Compliant presentations for all created composites must be provided to those with direct oversight responsibility, such as the governing board or entity with oversight responsibility.

Gross and Net

Gross and net returns are complicated for asset owners.

  • Full gross-of-fees return – This information must only be presented as supplemental information and only reflects the deduction of only transaction costs.
  • Gross-of-fees return – This optional return is reduced by imbedded investment management fees and any other investment management fees paid outside of the pooled fund. This would not include fees paid to externally managed separate accounts.
  • Net-of-external-costs-only return – This optional return reflects the reduction of all costs for externally managed separate accounts.
  • Net-of-fees return – Required return which reflects the reduction of all investment management costs. In addition to the above noted fees, investment management costs may include overhead, allocated technology, and other costs of the asset owner. This is the only return that is required to be presented.

The key here for asset owners is full disclosure so that a reader can understand what is presented.


The Guidance Statement also addresses other topics, such as the following:

  • Recordkeeping and Error Correction – Asset owners must follow the Guidance Statement on Recordkeeping Requirements and the Guidance Statement on Error Correction.
  • Cash – Discretionary cash held for investment must be included; operating cash (i.e. checking) should not be included.
  • Performance – Time-weighted returns (TWR) are required; money-weighted returns (MWR) are recommended.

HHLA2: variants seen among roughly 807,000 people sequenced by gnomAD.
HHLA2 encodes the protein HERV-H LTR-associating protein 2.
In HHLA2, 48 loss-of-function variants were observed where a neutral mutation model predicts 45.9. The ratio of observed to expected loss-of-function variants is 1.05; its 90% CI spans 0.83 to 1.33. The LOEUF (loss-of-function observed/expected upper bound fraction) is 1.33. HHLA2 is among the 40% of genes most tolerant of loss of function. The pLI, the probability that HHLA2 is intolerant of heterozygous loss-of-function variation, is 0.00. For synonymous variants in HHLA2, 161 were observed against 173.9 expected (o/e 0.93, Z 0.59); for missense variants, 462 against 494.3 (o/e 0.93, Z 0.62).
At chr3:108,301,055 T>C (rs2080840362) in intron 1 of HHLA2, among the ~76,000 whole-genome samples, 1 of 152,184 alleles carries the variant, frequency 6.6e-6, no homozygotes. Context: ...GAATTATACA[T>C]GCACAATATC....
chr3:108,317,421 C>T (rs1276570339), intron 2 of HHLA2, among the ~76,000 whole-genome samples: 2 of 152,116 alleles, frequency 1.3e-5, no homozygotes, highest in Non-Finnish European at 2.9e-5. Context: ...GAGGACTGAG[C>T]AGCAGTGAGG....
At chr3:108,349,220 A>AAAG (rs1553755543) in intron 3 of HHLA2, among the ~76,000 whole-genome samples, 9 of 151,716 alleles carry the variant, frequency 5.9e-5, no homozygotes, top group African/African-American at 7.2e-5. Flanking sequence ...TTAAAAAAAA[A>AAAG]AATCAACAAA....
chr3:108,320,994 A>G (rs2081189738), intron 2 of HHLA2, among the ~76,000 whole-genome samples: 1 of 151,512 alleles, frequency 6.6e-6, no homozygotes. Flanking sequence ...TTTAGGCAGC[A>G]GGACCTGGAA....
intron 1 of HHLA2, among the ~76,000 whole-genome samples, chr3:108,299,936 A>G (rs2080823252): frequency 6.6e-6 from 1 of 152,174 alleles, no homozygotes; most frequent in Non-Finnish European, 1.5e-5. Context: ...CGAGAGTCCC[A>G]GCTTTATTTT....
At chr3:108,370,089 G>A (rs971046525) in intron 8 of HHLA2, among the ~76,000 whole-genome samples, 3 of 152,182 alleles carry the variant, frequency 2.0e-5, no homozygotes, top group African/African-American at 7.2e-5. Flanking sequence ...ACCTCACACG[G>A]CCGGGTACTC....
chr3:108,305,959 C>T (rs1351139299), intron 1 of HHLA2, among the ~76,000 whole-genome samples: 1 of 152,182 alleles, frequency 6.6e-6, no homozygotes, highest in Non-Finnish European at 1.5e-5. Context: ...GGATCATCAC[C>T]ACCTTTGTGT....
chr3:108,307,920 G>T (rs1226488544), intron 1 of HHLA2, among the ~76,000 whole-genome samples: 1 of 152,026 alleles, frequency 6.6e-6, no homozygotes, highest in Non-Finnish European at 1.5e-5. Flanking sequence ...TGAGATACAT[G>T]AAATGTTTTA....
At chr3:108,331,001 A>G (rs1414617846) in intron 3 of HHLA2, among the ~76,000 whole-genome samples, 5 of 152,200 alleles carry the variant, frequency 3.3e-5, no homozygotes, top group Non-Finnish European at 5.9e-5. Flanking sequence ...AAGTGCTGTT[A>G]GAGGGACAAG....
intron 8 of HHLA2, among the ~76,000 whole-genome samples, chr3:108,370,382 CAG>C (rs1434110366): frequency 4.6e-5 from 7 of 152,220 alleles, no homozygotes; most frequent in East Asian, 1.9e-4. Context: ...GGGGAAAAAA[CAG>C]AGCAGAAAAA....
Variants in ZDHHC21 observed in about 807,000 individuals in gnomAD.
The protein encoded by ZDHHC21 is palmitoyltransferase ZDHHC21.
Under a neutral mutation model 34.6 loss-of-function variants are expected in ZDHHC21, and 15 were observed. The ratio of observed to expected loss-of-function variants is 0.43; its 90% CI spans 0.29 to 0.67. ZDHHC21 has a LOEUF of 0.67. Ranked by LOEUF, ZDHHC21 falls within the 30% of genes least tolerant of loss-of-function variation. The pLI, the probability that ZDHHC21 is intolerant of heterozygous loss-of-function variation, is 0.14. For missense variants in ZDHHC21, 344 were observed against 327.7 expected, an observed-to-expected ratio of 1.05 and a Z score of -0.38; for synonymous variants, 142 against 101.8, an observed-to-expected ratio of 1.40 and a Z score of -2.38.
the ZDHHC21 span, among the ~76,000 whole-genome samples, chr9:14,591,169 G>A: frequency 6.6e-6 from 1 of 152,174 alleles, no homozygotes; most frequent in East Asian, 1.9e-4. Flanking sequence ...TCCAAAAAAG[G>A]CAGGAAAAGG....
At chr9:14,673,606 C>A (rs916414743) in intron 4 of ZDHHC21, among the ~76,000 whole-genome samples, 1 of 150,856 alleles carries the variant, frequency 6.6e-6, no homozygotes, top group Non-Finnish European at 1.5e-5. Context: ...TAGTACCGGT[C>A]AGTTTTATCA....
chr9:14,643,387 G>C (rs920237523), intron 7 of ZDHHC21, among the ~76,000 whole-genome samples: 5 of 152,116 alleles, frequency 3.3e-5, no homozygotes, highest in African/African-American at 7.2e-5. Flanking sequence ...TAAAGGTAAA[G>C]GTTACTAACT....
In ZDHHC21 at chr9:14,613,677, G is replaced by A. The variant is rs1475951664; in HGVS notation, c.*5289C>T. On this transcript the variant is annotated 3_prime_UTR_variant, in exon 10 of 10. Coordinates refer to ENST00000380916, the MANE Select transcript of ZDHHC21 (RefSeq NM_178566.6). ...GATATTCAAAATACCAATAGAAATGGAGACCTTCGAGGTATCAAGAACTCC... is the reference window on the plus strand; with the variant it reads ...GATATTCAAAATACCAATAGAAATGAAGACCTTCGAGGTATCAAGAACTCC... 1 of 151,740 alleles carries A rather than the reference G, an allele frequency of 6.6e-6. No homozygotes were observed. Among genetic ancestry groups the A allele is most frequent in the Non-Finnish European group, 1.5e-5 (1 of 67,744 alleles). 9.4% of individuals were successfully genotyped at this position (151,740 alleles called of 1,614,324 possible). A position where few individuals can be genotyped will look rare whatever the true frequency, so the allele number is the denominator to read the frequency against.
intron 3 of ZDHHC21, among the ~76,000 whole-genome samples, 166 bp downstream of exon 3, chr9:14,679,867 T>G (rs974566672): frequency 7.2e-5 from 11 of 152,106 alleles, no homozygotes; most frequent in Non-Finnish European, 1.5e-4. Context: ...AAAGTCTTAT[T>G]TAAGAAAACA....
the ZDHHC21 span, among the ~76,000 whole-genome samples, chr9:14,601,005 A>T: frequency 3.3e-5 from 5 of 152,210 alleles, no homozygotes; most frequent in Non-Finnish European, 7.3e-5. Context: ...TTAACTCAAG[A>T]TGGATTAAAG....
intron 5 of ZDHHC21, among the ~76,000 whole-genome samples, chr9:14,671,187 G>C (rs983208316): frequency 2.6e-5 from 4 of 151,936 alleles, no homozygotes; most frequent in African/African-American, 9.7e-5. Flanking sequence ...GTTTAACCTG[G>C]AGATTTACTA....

• Inclusion/Exclusion – Because new and terminated portfolios are actually investments in a total fund, they are included as soon as funded when new and included through the last day managed when terminated.
  • Composite Minimums – All discretionary portfolios (i.e. investments) within the total fund must be included. Therefore, there can be no minimum for the total fund. Composite minimums would apply if an asset owner chose to create additional strategy specific composites.
  • Disclosure of Composite Description – There are additional disclosures to meet the standards. Some of those that would be expected to be disclosed would include asset allocation of the total fund as of the most recent annual period end; investment objective; actuarial rate of return or spending policy; and description of asset classes/groupings and related exposures.
  • Benchmark – Since asset owners typically use a blended benchmark that changes periodically, disclosure of the recent components and weights is required along with making available historical information.

We will be happy to provide further information relating to this subject. For more information, contact Craig B. Evans, Manager, Audit & Accounting at or 215.441.4600.